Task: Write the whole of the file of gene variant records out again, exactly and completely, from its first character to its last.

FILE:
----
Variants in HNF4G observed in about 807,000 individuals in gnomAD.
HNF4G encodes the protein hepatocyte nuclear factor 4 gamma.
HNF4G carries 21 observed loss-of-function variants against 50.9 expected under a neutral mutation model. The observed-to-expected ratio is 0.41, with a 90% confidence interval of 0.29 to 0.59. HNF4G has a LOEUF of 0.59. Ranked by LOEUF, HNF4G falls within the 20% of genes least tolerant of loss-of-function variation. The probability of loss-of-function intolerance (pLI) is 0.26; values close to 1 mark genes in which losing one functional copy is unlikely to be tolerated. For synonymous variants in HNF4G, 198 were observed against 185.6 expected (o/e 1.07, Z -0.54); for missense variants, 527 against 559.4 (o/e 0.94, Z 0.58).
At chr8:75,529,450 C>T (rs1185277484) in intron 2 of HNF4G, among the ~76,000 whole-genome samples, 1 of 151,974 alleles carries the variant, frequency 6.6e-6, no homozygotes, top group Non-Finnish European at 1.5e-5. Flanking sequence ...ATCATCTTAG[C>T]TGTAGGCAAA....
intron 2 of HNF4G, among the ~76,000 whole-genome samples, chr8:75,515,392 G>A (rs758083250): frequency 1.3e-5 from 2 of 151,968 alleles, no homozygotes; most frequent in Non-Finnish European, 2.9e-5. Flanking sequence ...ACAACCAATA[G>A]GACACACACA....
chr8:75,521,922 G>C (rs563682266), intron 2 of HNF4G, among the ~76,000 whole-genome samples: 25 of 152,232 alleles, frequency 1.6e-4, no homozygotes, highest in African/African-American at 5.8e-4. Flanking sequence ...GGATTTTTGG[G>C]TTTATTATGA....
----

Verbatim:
Variants in HNF4G observed in about 807,000 individuals in gnomAD.
HNF4G encodes the protein hepatocyte nuclear factor 4 gamma.
HNF4G carries 21 observed loss-of-function variants against 50.9 expected under a neutral mutation model. The observed-to-expected ratio is 0.41, with a 90% confidence interval of 0.29 to 0.59. HNF4G has a LOEUF of 0.59. Ranked by LOEUF, HNF4G falls within the 20% of genes least tolerant of loss-of-function variation. The probability of loss-of-function intolerance (pLI) is 0.26; values close to 1 mark genes in which losing one functional copy is unlikely to be tolerated. For synonymous variants in HNF4G, 198 were observed against 185.6 expected (o/e 1.07, Z -0.54); for missense variants, 527 against 559.4 (o/e 0.94, Z 0.58).
At chr8:75,529,450 C>T (rs1185277484) in intron 2 of HNF4G, among the ~76,000 whole-genome samples, 1 of 151,974 alleles carries the variant, frequency 6.6e-6, no homozygotes, top group Non-Finnish European at 1.5e-5. Flanking sequence ...ATCATCTTAG[C>T]TGTAGGCAAA....
intron 2 of HNF4G, among the ~76,000 whole-genome samples, chr8:75,515,392 G>A (rs758083250): frequency 1.3e-5 from 2 of 151,968 alleles, no homozygotes; most frequent in Non-Finnish European, 2.9e-5. Flanking sequence ...ACAACCAATA[G>A]GACACACACA....
chr8:75,521,922 G>C (rs563682266), intron 2 of HNF4G, among the ~76,000 whole-genome samples: 25 of 152,232 alleles, frequency 1.6e-4, no homozygotes, highest in African/African-American at 5.8e-4. Flanking sequence ...GGATTTTTGG[G>C]TTTATTATGA....